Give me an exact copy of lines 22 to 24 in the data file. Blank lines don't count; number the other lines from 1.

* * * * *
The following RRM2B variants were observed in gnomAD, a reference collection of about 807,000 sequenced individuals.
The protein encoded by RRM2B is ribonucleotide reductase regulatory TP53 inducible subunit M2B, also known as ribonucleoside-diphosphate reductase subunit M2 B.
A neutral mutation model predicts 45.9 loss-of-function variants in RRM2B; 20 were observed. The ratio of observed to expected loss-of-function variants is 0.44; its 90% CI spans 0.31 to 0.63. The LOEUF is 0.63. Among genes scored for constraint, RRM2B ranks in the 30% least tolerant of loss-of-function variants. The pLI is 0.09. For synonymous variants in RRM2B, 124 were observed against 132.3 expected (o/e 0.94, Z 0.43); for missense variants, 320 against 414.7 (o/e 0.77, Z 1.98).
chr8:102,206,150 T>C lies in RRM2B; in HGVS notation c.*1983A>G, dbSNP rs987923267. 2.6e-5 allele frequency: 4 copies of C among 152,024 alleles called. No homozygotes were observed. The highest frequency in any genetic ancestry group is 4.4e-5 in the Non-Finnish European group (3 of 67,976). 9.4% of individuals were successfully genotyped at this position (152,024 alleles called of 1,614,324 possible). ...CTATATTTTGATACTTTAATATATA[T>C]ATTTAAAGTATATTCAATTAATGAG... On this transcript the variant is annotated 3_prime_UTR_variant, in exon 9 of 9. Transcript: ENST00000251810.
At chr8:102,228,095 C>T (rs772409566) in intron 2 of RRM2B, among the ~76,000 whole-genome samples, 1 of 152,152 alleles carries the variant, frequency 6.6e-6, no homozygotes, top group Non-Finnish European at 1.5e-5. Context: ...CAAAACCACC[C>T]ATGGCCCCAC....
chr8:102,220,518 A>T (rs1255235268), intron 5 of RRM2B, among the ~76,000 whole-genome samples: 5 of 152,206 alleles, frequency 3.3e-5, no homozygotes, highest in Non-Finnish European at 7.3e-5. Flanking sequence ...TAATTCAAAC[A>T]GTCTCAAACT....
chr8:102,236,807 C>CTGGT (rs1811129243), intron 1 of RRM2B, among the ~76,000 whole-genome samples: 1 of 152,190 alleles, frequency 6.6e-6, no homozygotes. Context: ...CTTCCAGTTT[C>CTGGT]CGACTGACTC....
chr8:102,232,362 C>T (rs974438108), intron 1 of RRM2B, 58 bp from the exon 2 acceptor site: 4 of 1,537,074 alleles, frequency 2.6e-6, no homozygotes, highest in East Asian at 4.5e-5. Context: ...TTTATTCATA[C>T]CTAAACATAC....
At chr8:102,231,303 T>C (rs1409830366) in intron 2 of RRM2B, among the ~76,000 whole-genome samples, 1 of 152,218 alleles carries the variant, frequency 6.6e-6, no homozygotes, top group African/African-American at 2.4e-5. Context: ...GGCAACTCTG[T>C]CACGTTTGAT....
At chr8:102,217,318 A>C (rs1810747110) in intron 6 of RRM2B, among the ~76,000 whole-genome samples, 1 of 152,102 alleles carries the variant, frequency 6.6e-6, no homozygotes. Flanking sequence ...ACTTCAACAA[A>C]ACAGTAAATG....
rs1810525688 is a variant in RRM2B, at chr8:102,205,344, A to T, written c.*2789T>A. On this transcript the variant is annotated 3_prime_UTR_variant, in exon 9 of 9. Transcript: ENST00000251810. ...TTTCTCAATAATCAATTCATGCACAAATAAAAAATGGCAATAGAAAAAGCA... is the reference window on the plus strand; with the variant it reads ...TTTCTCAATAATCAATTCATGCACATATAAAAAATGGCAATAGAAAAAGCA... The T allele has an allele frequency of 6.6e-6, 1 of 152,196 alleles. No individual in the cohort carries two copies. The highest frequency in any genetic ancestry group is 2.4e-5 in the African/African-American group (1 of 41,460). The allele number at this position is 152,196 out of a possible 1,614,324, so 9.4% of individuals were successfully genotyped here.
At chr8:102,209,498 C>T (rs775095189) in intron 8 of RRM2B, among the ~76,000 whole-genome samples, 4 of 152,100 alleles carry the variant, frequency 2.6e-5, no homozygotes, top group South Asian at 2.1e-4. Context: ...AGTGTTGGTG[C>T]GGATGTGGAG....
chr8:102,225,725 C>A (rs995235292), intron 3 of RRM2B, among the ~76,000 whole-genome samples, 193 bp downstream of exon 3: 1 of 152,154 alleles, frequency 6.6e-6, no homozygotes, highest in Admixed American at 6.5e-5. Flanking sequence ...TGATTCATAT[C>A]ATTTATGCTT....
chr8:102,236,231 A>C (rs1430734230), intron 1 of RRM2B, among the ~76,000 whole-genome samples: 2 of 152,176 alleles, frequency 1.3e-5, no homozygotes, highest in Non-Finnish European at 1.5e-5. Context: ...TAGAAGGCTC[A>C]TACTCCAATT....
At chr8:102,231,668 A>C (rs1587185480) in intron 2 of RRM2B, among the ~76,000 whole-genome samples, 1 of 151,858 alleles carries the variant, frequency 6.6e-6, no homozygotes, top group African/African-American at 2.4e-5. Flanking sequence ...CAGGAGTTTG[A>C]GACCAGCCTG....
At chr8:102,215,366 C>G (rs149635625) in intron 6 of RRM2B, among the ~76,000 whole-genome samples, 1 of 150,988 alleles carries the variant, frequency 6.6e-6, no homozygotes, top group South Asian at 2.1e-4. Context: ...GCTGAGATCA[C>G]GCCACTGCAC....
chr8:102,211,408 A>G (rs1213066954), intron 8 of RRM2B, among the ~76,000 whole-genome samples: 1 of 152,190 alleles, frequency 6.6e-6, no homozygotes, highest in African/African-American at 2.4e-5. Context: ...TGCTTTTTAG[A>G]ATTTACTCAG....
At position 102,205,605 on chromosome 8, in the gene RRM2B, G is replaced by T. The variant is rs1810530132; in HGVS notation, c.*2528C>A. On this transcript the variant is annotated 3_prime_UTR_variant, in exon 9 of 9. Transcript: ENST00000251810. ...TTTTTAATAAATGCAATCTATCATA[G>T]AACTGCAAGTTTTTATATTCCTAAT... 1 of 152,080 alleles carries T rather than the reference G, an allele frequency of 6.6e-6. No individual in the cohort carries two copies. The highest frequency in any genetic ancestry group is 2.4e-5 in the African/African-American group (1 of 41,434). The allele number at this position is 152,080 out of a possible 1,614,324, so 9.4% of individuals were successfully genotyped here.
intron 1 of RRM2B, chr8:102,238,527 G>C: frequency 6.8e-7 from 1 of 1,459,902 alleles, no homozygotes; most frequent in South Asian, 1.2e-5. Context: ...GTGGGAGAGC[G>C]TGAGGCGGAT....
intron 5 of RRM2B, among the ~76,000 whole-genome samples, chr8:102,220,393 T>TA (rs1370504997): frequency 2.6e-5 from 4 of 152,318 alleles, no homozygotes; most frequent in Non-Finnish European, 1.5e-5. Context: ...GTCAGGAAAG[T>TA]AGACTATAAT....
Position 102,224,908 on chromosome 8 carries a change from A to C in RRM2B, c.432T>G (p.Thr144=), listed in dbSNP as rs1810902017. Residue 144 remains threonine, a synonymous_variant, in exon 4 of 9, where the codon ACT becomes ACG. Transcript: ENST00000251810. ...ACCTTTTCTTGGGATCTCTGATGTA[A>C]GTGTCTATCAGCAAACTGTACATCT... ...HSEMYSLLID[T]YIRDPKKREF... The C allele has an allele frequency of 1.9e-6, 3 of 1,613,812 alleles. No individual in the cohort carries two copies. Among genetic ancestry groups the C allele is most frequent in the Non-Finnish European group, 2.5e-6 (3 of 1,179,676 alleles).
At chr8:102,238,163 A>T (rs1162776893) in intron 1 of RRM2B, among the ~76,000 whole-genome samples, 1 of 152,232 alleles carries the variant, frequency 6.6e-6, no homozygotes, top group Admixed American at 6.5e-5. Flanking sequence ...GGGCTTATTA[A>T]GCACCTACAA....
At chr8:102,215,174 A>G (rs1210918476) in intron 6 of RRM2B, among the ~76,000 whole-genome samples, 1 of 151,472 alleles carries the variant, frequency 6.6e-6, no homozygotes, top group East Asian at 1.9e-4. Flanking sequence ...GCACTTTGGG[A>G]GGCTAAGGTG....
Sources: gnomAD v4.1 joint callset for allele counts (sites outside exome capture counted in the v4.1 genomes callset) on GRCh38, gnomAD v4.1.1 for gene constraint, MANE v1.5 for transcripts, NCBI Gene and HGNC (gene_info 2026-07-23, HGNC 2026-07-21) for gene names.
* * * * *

At chr8:102,238,163 A>T (rs1162776893) in intron 1 of RRM2B, among the ~76,000 whole-genome samples, 1 of 152,232 alleles carries the variant, frequency 6.6e-6, no homozygotes, top group Admixed American at 6.5e-5. Flanking sequence ...GGGCTTATTA[A>T]GCACCTACAA....
At chr8:102,215,174 A>G (rs1210918476) in intron 6 of RRM2B, among the ~76,000 whole-genome samples, 1 of 151,472 alleles carries the variant, frequency 6.6e-6, no homozygotes, top group East Asian at 1.9e-4. Flanking sequence ...GCACTTTGGG[A>G]GGCTAAGGTG....
Sources: gnomAD v4.1 joint callset for allele counts (sites outside exome capture counted in the v4.1 genomes callset) on GRCh38, gnomAD v4.1.1 for gene constraint, MANE v1.5 for transcripts, NCBI Gene and HGNC (gene_info 2026-07-23, HGNC 2026-07-21) for gene names.